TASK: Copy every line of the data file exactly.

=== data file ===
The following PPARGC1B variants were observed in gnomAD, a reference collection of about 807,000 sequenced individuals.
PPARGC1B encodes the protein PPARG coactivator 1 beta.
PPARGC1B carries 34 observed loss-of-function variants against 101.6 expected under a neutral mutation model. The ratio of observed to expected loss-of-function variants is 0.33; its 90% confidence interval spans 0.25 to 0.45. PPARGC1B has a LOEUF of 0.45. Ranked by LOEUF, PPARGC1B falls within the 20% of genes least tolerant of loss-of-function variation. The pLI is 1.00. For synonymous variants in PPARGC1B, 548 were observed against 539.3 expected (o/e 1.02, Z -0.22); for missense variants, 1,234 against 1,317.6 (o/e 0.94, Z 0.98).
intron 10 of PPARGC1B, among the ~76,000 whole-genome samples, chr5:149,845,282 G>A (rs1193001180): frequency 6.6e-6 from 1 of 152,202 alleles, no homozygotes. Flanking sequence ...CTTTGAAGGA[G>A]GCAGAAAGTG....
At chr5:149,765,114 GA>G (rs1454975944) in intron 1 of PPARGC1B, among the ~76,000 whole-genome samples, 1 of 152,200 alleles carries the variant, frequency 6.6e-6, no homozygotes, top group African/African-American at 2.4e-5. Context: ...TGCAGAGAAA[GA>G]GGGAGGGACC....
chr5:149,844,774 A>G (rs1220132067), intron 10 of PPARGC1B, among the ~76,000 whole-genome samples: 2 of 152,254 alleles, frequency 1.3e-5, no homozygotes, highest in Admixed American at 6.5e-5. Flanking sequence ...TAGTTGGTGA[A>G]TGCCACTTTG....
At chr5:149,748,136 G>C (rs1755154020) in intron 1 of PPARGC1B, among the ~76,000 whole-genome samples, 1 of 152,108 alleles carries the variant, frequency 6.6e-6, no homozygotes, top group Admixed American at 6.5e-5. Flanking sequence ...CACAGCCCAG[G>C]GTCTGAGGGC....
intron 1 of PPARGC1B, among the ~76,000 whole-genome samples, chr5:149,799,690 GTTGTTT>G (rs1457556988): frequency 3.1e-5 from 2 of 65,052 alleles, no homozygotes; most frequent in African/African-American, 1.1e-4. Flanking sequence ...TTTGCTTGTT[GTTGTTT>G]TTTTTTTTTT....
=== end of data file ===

The following PPARGC1B variants were observed in gnomAD, a reference collection of about 807,000 sequenced individuals.
PPARGC1B encodes the protein PPARG coactivator 1 beta.
PPARGC1B carries 34 observed loss-of-function variants against 101.6 expected under a neutral mutation model. The ratio of observed to expected loss-of-function variants is 0.33; its 90% confidence interval spans 0.25 to 0.45. PPARGC1B has a LOEUF of 0.45. Ranked by LOEUF, PPARGC1B falls within the 20% of genes least tolerant of loss-of-function variation. The pLI is 1.00. For synonymous variants in PPARGC1B, 548 were observed against 539.3 expected (o/e 1.02, Z -0.22); for missense variants, 1,234 against 1,317.6 (o/e 0.94, Z 0.98).
intron 10 of PPARGC1B, among the ~76,000 whole-genome samples, chr5:149,845,282 G>A (rs1193001180): frequency 6.6e-6 from 1 of 152,202 alleles, no homozygotes. Flanking sequence ...CTTTGAAGGA[G>A]GCAGAAAGTG....
At chr5:149,765,114 GA>G (rs1454975944) in intron 1 of PPARGC1B, among the ~76,000 whole-genome samples, 1 of 152,200 alleles carries the variant, frequency 6.6e-6, no homozygotes, top group African/African-American at 2.4e-5. Context: ...TGCAGAGAAA[GA>G]GGGAGGGACC....
chr5:149,844,774 A>G (rs1220132067), intron 10 of PPARGC1B, among the ~76,000 whole-genome samples: 2 of 152,254 alleles, frequency 1.3e-5, no homozygotes, highest in Admixed American at 6.5e-5. Flanking sequence ...TAGTTGGTGA[A>G]TGCCACTTTG....
At chr5:149,748,136 G>C (rs1755154020) in intron 1 of PPARGC1B, among the ~76,000 whole-genome samples, 1 of 152,108 alleles carries the variant, frequency 6.6e-6, no homozygotes, top group Admixed American at 6.5e-5. Flanking sequence ...CACAGCCCAG[G>C]GTCTGAGGGC....
intron 1 of PPARGC1B, among the ~76,000 whole-genome samples, chr5:149,799,690 GTTGTTT>G (rs1457556988): frequency 3.1e-5 from 2 of 65,052 alleles, no homozygotes; most frequent in African/African-American, 1.1e-4. Flanking sequence ...TTTGCTTGTT[GTTGTTT>G]TTTTTTTTTT....